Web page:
by Molly Hennessey-Fiske
Perry has so far said the troops do not have arrest powers, something immigrant advocates and some local officials oppose, although it appears they could if authorized by the state.
Militia members started arriving on the Texas border in recent weeks to assist as part of a deployment they called Operation Secure Our Border: Laredo Sector. The effort entails creating a training command near San Antonio and rotating groups south to patrol private ranch land on the border with the permission of ranch owners.
The early groups included Oathkeepers, Three Percenter’s Club and Patriots. Then the Minutemen announced that they, too, were deploying.
There has been an online controversy. For instance, after a militia member appeared on YouTube advising members to confront and intimidate those caught crossing the border illegally. And there have been tensions between militia groups. But no major clashes have been reported.
Response to the groups has been mixed.
Mike Morris, who works with the Three Percenter’s, told the Los Angeles Times that several militia groups were invited to South Texas by ranchers who face regular break-ins and “incursions” by migrant groups.
“It is a dangerous situation,” he said.
Morris said there were numerous militias operating without a central command, some armed. While some groups “observe and report,” he said, others saw the need to be armed in remote areas because if a threat arises “the Border Patrol are stretched so thin—they may not respond.”
“Some parts of the border these days, Border Patrol has pulled back and it’s not safe,” Morris said.
Local law enforcement circulated a bulletin among themselves after a group camped out near an international bridge to Mexico in Pharr, Texas.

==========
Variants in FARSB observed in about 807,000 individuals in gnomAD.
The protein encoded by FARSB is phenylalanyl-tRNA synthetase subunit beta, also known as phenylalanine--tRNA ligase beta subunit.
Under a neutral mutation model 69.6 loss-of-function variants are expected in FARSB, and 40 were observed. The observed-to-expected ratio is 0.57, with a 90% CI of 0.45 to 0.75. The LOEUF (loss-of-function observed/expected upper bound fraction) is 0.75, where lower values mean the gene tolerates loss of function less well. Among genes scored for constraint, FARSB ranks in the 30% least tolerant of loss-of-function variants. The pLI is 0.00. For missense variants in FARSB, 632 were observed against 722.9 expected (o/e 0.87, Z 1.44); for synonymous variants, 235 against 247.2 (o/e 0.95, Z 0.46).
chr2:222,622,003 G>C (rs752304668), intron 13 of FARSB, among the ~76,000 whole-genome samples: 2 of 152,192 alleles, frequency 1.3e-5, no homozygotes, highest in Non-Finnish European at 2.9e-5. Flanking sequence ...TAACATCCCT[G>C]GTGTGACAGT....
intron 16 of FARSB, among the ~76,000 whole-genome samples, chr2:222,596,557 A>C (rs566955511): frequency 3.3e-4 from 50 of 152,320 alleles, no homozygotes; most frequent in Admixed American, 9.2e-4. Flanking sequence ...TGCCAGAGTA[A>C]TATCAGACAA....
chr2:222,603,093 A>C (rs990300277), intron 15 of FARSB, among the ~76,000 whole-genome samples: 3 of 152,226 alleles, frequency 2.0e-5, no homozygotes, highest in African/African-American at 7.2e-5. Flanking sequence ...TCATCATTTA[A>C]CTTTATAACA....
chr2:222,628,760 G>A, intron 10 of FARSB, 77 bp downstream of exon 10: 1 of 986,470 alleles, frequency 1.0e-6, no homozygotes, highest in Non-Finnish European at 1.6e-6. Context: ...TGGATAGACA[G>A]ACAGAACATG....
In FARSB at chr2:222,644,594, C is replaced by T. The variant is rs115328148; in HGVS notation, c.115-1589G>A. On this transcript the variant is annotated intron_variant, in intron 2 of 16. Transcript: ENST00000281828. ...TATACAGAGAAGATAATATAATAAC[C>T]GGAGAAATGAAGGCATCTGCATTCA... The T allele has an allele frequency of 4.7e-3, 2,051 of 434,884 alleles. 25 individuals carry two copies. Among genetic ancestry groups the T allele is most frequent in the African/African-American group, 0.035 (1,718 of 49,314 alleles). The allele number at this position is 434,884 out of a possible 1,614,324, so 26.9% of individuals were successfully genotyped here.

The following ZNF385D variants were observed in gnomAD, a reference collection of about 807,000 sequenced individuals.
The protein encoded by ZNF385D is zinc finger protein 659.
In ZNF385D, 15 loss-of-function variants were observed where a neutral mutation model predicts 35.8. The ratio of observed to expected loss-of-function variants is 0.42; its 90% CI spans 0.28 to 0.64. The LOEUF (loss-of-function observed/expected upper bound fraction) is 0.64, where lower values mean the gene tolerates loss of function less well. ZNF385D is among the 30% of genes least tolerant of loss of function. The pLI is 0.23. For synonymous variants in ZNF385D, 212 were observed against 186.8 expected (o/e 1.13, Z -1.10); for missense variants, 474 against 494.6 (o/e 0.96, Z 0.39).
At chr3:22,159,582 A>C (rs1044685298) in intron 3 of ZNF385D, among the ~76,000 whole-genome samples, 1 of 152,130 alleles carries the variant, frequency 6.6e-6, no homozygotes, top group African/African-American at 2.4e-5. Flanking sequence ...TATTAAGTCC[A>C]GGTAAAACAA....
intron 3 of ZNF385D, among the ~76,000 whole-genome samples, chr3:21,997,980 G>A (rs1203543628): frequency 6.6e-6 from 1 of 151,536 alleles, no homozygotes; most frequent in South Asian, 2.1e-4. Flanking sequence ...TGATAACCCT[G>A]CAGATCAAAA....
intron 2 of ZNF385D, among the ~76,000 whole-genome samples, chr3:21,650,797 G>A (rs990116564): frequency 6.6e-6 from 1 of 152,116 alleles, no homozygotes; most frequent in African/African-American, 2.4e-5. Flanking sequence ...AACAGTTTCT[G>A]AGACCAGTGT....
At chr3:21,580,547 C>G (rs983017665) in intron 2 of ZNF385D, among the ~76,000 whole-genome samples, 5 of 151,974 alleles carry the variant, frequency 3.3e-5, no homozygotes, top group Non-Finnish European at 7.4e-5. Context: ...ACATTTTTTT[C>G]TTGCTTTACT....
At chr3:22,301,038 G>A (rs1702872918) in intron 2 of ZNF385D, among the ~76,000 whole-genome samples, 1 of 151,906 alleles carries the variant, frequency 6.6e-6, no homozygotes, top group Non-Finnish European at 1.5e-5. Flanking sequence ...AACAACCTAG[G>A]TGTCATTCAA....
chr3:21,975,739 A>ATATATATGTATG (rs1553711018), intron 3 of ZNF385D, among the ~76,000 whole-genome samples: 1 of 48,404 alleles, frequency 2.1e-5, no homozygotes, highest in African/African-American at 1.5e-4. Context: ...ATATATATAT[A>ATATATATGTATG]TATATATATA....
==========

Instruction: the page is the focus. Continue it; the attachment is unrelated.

Some sheriffs declined the militias’ assistance, while others refused to take a position on their presence.
This week, the San Antonio Express-News published photographs of militia members patrolling the border, including an image of a Border Patrol agent leaning through an armed militia member’s car window and pointing to a map. The paper reported that a militia provided the photos on condition that the paper blur members’ faces because they feared being identified by cartels and gangs.
Outraged, members of the Texas Democratic congressional delegation wrote a letter to the state’s attorney general demanding he denounce the militias and define what they can legally do.
The dozen members of the delegation said they were “deeply disturbed” by the images of “armed and masked militia groups purportedly patrolling our Texas border in response to the arrival of unaccompanied children from Central America to our state.”
Atty. Gen. Greg Abbott, a Republican campaigning to replace Perry as governor, dismissed the letter through a spokeswoman.
Abbott backed the National Guard deployment and the state border surge, and has demanded the federal government foot the bill.
Abbott spokeswoman Lauren Bean called the letter a “partisan political stunt” and said that instead of complaining about the militias, the Democrats “should work with their Republican colleagues to secure federal funding for the state’s border security efforts.”